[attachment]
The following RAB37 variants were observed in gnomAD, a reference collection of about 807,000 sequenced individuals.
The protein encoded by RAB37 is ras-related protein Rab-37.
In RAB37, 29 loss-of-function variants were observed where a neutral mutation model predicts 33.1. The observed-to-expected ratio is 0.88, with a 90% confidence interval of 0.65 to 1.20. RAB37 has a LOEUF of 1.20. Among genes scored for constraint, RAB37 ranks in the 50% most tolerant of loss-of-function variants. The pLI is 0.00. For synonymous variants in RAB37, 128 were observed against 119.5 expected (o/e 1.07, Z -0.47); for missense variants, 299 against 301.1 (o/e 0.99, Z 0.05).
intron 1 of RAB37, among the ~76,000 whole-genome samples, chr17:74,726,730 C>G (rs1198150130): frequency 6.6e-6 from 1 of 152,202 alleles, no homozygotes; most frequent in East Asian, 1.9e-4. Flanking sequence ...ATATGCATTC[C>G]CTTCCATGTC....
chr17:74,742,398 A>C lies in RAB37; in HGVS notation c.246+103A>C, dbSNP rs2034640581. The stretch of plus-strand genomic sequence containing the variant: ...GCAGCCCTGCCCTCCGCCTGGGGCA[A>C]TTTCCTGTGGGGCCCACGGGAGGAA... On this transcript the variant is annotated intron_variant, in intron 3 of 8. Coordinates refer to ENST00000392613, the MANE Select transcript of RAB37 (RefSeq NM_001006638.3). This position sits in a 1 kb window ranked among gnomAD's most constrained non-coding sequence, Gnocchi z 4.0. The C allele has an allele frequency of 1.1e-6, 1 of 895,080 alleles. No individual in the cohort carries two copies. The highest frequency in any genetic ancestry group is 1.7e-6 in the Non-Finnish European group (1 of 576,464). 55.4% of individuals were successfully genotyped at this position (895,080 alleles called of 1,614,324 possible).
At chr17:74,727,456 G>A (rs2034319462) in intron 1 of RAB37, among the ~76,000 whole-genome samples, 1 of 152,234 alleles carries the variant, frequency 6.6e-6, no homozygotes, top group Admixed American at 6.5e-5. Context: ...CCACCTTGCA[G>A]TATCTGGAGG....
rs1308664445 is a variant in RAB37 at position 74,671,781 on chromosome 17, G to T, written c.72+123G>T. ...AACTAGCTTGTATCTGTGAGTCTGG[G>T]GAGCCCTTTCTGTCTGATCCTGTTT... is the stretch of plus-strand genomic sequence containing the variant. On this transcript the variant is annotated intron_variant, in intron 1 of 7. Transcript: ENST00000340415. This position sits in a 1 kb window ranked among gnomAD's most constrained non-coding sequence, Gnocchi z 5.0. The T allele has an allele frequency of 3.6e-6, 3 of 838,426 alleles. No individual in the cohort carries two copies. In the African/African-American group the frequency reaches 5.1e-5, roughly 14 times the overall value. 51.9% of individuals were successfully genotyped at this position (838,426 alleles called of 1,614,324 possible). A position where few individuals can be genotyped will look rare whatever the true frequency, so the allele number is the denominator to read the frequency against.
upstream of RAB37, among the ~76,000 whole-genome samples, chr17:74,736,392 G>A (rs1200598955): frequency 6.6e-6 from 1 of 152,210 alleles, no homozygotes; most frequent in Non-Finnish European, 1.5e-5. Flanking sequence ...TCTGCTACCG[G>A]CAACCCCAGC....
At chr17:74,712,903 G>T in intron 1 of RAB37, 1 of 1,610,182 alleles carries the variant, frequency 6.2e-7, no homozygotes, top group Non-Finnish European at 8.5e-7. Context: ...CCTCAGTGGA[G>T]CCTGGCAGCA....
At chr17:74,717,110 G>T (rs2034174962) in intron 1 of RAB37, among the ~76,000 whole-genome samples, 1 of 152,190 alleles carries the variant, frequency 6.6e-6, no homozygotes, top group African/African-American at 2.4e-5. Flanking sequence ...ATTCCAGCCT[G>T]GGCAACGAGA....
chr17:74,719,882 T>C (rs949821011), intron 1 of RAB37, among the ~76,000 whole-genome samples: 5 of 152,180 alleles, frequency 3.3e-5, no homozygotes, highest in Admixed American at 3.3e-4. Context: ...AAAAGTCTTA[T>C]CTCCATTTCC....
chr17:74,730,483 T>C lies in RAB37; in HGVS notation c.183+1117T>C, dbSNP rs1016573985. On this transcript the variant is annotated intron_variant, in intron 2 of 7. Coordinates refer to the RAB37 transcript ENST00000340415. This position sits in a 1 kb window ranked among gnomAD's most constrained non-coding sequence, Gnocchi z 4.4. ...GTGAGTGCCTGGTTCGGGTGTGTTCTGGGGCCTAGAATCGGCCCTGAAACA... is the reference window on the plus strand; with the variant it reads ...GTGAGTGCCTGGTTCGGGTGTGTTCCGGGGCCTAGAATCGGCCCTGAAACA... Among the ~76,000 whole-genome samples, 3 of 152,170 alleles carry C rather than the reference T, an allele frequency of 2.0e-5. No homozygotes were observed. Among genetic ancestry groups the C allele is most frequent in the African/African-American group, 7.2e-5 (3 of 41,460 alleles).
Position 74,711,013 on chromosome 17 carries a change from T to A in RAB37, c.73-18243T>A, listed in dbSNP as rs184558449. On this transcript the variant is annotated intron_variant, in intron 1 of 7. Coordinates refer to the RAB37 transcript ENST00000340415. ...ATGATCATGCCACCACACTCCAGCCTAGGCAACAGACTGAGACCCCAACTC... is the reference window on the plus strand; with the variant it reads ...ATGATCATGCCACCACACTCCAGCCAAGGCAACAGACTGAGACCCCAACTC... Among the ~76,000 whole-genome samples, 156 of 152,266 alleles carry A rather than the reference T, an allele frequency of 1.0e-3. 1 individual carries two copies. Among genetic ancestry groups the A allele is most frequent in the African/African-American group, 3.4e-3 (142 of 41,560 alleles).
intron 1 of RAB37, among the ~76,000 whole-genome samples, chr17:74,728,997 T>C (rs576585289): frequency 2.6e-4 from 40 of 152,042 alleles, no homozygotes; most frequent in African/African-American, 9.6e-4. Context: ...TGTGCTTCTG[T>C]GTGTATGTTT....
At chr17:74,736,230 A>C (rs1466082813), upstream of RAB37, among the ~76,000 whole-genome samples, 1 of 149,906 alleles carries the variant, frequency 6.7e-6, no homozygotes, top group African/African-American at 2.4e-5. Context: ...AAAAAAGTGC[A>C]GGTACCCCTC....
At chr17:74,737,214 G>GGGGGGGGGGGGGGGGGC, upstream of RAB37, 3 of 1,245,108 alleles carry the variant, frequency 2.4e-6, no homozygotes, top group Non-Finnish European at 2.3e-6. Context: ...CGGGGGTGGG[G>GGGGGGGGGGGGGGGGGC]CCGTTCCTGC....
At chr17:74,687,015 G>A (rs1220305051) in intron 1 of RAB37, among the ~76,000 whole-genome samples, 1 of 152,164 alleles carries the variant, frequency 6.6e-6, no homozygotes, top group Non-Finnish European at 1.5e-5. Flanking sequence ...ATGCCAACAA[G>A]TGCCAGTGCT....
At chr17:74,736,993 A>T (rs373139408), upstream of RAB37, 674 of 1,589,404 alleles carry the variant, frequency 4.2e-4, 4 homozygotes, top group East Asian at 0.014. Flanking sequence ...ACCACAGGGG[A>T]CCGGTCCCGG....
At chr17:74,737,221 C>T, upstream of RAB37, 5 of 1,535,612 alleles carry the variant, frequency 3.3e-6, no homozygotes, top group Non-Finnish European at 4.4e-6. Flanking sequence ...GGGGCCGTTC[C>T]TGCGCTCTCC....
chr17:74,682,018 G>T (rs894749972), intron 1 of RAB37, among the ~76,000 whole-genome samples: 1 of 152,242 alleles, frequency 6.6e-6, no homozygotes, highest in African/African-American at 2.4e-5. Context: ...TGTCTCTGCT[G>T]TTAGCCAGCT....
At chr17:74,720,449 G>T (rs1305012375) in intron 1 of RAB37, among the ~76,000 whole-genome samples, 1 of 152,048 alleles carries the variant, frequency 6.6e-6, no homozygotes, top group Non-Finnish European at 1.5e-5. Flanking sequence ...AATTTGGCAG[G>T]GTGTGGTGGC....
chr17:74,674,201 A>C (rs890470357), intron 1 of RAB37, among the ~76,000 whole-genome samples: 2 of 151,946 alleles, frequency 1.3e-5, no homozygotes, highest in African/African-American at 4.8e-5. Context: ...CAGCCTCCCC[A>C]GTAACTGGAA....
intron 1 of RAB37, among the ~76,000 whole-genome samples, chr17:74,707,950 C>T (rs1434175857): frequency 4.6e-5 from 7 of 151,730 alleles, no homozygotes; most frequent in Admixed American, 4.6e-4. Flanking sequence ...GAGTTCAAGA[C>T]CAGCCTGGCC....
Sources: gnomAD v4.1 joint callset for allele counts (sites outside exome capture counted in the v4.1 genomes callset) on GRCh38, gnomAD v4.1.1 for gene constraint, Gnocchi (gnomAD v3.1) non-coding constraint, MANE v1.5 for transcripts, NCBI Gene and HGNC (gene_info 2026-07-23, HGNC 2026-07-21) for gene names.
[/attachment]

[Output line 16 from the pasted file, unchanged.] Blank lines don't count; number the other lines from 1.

At chr17:74,737,214 G>GGGGGGGGGGGGGGGGGC, upstream of RAB37, 3 of 1,245,108 alleles carry the variant, frequency 2.4e-6, no homozygotes, top group Non-Finnish European at 2.3e-6. Context: ...CGGGGGTGGG[G>GGGGGGGGGGGGGGGGGC]CCGTTCCTGC....